The amazing Mazdas of the ninEties that nobody remembers
In the early nineties, Japan’s economy was booming and many of the manufacturers invested heavily - like Mazda. It tried to launch five new brands (Efini, Autozam, Amati, Xedos, Eunos) with mixed success. Efini and Xedos made badge engineered Mazda’s and were quite successful, with a few cars in their respective lineups, Autozam made kei cars, including a mid-engined sports car called the AZ-1. Eunos cars were mostly rebadged Mazda’s with the odd car only made as a Eunos - the 20B Eunos Cosmo, for example. Amati was meant to be the luxury marque to fight Infiniti and Lexus but no cars were ever sold. By the late nineties, the Japanese economy had plummeted and all five brands were killed off. But before they disappeared , some pretty special cars were made.
The Eunos Cosmo could trace its heritage all the way back to the Mazda Cosmo 110S of the late sixties, which was the first rotary powered Mazda. But it had changed a lot by the nineties, from a lightweight sports car to a bit of a brute of a thing. It was now twin-turbocharged with 300 up and 297 lb-ft but was more a luxury car than anything made to go fast. I mean, it was limited to 111 mph when it could have done 158. Unfortunately, since only 40% of them had the 20B (The others had a twin-turbo 13B), there were less than 9000 produced and many of these engines have been swapped into RX-7s there are very few of these wonderful cars around.
Amati cars, if they had gone into production, would have had a four car lineup: the 300 (turned into the Eunos 500 / Xedos 6), the 500 (Eunos 800 / Xedos 9 / Mazda Millenia), the 1000 (Efini MS-9 / Mazda Sentia) and an unnamed luxury coupe based on the Eunos Cosmo. Out of them all, the Amati 1000 is by far the most interesting. It had an aluminium 4.0 l W12 with a magnesium oil pan and cylinder heads and ceramic valves and pistons. Five hundred of these engines were produced for testing purposes but they were never put into production. It is suspected that the engine ended up in the Audi Avus concept car but this has not been verified.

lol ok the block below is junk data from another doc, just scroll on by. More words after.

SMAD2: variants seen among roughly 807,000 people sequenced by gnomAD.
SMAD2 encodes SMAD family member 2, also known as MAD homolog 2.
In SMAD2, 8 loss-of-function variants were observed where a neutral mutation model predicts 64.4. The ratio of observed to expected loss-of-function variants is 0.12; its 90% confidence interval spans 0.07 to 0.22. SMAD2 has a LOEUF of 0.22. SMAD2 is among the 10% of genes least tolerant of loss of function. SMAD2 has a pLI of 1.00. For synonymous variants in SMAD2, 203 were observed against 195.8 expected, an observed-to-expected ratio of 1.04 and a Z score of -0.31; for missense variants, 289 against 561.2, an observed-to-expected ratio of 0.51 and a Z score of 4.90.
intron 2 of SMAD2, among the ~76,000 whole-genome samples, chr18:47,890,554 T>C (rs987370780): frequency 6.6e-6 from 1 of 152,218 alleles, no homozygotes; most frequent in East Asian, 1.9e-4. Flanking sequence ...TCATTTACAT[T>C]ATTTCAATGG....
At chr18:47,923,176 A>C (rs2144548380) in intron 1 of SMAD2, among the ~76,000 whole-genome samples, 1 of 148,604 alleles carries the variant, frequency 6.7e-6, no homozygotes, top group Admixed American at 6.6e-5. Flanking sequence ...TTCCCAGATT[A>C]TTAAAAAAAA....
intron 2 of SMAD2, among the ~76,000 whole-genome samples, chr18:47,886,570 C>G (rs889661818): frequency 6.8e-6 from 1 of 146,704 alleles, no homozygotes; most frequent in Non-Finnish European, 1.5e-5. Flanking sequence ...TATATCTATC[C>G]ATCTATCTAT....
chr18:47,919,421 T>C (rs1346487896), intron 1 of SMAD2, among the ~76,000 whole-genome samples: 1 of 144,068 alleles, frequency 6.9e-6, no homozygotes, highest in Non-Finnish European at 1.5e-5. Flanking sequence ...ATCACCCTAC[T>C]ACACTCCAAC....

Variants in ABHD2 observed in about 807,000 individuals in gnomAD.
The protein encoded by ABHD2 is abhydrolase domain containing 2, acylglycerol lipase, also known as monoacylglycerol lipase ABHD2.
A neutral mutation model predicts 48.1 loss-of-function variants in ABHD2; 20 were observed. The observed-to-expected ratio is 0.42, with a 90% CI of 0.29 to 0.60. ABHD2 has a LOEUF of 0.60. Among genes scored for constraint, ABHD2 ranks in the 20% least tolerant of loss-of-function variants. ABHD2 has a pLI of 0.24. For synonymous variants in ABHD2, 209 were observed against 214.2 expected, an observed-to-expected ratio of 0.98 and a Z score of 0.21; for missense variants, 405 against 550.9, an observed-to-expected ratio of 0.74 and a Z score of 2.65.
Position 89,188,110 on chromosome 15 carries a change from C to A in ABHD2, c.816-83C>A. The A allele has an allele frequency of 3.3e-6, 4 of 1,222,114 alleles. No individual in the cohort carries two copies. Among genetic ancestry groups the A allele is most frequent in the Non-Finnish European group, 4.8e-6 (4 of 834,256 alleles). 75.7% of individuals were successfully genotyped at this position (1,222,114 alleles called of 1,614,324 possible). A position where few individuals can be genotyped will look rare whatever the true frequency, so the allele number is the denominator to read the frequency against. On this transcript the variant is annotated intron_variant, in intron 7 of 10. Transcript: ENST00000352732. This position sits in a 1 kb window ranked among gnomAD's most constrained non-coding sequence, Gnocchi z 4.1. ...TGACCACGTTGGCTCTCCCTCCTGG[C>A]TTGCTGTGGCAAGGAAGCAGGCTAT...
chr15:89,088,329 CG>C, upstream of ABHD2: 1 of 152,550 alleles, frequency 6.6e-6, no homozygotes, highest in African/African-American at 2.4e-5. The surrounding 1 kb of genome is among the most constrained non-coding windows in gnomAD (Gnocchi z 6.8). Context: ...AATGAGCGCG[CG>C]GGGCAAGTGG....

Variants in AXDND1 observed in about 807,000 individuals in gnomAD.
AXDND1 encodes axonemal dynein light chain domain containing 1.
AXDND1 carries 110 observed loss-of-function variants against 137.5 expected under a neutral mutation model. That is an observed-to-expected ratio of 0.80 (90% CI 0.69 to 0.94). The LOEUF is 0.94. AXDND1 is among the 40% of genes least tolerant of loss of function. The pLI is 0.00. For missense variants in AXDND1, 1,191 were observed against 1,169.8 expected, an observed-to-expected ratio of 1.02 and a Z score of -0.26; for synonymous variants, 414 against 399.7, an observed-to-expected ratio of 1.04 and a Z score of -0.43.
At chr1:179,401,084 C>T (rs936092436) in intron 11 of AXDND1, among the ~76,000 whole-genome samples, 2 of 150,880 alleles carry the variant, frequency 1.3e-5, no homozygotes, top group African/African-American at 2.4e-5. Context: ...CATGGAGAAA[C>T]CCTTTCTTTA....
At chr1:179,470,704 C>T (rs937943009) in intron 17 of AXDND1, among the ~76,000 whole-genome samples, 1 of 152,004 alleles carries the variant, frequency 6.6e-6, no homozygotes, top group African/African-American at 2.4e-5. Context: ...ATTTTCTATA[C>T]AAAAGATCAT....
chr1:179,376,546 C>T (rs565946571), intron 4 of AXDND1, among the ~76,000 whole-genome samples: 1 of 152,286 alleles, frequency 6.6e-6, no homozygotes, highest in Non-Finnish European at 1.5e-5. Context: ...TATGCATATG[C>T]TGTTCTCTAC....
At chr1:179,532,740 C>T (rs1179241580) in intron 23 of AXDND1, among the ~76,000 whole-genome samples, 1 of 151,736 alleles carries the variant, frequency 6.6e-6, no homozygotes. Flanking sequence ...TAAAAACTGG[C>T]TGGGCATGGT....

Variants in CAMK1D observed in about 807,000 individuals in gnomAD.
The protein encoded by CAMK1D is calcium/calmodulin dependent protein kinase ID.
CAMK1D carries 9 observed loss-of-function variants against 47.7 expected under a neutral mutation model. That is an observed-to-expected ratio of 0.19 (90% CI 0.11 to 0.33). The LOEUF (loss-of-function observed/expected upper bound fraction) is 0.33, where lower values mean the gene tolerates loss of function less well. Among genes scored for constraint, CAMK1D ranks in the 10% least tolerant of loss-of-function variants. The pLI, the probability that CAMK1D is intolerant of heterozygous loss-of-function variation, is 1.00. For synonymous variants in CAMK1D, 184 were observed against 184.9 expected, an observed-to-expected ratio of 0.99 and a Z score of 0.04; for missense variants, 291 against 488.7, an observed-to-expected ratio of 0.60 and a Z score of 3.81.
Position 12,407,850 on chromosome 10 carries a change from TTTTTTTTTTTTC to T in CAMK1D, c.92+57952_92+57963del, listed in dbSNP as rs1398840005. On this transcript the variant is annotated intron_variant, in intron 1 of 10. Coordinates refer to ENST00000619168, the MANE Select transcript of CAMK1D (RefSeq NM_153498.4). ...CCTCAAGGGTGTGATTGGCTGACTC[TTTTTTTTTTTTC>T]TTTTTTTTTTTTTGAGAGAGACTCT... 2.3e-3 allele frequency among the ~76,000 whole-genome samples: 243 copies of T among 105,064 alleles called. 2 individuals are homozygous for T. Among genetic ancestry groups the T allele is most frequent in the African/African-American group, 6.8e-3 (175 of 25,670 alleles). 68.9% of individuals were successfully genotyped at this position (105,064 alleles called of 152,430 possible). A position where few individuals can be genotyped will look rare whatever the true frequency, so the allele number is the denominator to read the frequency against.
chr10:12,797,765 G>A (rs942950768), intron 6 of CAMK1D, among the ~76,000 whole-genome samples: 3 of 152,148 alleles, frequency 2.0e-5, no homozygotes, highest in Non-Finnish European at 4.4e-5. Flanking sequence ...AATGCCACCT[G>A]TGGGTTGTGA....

This was a FWD luxury car with no direct predecessor or successor, but production was ended with the launch of the Mazda 6. It was the first car ever to feature the Miller Cycle engine, which held the intake valve open for much longer and used a supercharger to compensate for power loss. This cycle was supposed to yield up to 15% more power. The car had a 2.3 l V6 with the Miller Cycle, producing 210 hp and 210 lb-ft. The Miller Cycle was also used in the Mazda 2. The car was available in Japan with a yaw-sensitive four-wheel steering system as well; with this Mazda claimed that it could pass the Elk Test at speeds comparable to the BMW 850i and Nissan 300ZX.
Whilst this isn't technically a Mazda, it's so awesome that I just had to include it. The Autozam AZ-1 was a competitor to the Honda Beat and the Suzuki Cappucino, except more expensive than either of them. It didn’t really sell well, even though it had gullwing doors. But RE Amemiya, a renowned tuning shop, took one and turned it into something brilliant. Called the RE Amemiya Greddy VI-AZ1, it had aggressive bodywork added to make it look less like it might turn over and let you rub its tummy, the 20B rotary engine from a Eunos Cosmo was put in, the suspension was taken from a Porsche 962 and the brakes from a Ferrari F40. Then they decided that that wasn’t good enough so they repainted it, changed the bodywork again and changed the brakes for the ones from a Ferrari F50. Brilliant or what?
Mazda's a bit more awesome than you thought.